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In December 1980, she and her driver went missing in Guatemala City, without a trace. She was presumably tortured and killed by undercover police agents linked to the military government of General Romeo Lucas Garcia. Lane’s aunt disappeared in 1981 after she joined left-wing guerrillas fighting the military government. Around the time Lane’s aunt died, news began to filter out of the rape, torture and murder of tens of thousands of women and girls – mostly from indigenous Mayan communities accused of supporting the insurgents. Common health problems that victims of sexual assault in Guatemala often suffer include HIV/AIDS, unwanted pregnancy, Hepatitis B, syphilis, Chlamydia, and Gonorrhoea. Because health care is not readily accessible and education about sexual violence not prevalent, avoidable and treatable health problems often go untreated.
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It provides an easy-to-use data entry system with data validation, the ability to import data from external sources , automated exports to statistical software, audit trails, branching logic and calculations, and sophisticated tools for building and managing online surveys . As the community nurses have been using this software for years, our study links to the Madres Sanas dataset but involves separate forms in a separate REDCap database. There are cluster-specific REDCap forms that are collected on enrollment, at 3 months, and at 12 months following enrollment. The schedule of enrolment, interventions, and assessments are shown in Fig.4.
Talk with your doctor and family members or friends about deciding to join a study. To learn more about this study, you or your doctor may contact the study research staff using the contacts provided below. This is justone of many economic alternative projects that ActionAid and our partner our developing with women’s groups across the region. Thanks toActionAid and our partner ASODEMNA (the New Dawn Women’s Association), we’re teaching women beekeeping and business skills.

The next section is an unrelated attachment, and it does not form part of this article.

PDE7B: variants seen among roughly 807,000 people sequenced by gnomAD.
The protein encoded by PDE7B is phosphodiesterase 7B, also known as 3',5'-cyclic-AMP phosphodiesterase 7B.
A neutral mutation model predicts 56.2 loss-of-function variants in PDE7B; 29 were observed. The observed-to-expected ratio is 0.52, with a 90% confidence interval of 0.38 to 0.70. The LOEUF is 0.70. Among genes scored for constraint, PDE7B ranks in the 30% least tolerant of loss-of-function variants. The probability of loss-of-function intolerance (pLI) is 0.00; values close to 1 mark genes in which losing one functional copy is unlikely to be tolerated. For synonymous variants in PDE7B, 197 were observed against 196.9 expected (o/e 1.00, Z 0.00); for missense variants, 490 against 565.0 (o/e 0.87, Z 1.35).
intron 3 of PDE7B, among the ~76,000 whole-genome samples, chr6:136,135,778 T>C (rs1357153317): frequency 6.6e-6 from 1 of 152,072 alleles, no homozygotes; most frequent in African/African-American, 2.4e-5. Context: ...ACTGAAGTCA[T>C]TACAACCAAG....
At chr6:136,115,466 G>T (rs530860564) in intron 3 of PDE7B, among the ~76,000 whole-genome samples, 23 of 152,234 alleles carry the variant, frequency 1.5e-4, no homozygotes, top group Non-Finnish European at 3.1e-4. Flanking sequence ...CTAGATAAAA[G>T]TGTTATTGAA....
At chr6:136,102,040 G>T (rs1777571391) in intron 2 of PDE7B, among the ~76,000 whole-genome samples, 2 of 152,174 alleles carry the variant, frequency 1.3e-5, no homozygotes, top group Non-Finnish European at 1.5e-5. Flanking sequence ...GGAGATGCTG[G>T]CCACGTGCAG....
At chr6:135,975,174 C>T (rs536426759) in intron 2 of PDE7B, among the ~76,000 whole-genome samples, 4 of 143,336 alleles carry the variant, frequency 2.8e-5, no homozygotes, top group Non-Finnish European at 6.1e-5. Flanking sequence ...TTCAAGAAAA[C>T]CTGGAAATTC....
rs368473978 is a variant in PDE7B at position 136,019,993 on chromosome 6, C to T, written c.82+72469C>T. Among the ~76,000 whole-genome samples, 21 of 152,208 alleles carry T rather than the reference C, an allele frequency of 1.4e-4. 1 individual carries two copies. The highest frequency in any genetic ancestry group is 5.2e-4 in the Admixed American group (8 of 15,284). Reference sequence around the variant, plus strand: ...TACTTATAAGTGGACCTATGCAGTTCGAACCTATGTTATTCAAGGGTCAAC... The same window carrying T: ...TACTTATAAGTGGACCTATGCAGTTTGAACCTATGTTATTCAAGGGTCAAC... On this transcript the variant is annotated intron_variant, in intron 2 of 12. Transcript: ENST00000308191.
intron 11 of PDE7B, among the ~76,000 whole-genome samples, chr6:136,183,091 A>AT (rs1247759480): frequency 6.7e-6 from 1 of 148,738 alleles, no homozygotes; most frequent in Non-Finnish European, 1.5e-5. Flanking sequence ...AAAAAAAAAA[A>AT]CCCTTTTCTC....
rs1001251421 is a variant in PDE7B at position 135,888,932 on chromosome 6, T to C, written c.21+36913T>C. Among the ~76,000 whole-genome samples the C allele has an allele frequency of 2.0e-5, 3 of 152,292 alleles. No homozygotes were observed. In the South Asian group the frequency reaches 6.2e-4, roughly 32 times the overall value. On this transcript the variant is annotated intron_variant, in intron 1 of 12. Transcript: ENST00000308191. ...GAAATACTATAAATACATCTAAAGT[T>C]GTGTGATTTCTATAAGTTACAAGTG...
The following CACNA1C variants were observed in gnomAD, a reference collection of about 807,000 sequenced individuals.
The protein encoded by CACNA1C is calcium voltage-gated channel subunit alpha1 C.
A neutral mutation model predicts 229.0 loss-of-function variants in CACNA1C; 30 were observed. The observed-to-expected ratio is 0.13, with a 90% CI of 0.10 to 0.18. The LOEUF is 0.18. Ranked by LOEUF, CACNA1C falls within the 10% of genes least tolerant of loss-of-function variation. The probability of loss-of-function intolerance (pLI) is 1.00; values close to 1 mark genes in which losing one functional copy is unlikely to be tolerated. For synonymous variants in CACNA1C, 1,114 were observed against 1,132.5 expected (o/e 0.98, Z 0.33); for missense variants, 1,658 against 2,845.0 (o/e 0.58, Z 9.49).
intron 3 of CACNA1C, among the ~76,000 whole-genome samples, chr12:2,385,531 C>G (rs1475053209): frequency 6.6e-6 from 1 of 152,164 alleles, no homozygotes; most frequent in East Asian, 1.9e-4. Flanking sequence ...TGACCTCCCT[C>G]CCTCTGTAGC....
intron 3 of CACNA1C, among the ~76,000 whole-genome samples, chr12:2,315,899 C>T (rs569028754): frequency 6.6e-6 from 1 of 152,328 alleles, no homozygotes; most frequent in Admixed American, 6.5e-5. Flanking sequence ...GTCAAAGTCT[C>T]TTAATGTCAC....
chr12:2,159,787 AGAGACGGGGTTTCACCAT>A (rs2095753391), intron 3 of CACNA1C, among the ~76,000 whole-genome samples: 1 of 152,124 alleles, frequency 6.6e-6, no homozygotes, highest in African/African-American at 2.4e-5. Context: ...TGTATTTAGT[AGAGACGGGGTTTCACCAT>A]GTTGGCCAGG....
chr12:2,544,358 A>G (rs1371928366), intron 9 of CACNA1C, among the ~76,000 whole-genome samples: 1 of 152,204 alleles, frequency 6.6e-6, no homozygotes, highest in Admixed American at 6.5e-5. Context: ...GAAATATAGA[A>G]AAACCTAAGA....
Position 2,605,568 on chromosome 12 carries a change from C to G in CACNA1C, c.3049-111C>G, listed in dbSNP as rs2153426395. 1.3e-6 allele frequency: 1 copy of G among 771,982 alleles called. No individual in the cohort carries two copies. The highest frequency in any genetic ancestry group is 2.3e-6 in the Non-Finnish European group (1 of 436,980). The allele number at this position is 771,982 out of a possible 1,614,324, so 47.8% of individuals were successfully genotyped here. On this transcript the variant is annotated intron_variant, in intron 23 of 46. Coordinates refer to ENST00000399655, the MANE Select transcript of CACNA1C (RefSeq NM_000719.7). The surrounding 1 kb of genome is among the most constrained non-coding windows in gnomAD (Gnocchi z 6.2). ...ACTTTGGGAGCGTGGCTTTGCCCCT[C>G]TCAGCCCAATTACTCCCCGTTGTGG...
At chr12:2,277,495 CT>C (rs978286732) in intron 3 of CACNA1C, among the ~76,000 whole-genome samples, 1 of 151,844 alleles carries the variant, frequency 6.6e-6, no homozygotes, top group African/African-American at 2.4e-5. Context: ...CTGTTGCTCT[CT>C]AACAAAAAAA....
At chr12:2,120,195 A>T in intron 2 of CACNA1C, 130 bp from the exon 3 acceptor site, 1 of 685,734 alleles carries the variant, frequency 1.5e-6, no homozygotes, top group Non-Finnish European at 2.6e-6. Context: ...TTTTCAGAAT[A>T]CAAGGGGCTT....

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Maternal hemoglobin and hematocrit concentrations were controlled for in the multiple regression models. Acts of violence against women are described in the testimonies gathered by the REMHI, but very few references are made to the actual experiences of women who suffered such abuse. It is likely that these omissions are largely due to the difficulty women have speaking about a subject they consider to be a personal stigma. When the project was initiated, it was not the REMHI’s intention to conduct a concrete analysis of the war’s repercussions on women. But three years of work and the compilation of over six thousand testimonies, many of them from women, put the issue of violence directed specifically against women, and its effects on both the dead and those who survived, on the agenda.
To help thousands of women, we will publish the Woven Wind Turbine online along with instructional photos and video. From our previous projects we expect dozens of nonprofits around the world to use our designs to help create new income for poor women worldwide. Our collaborative design team of University of Michigan Engineering students and a local womens weaving cooperative in Nueva Santa Catarina Ixtahuacan, Guatemala are working together, hand-in-hand to design a new high value technology based on traditional practices.
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For the first time in her life, Maria owned something which she was able to buy herself. In such an environment, young women are disproportionately vulnerable, especially if they are part of a historically persecuted indigenous communities.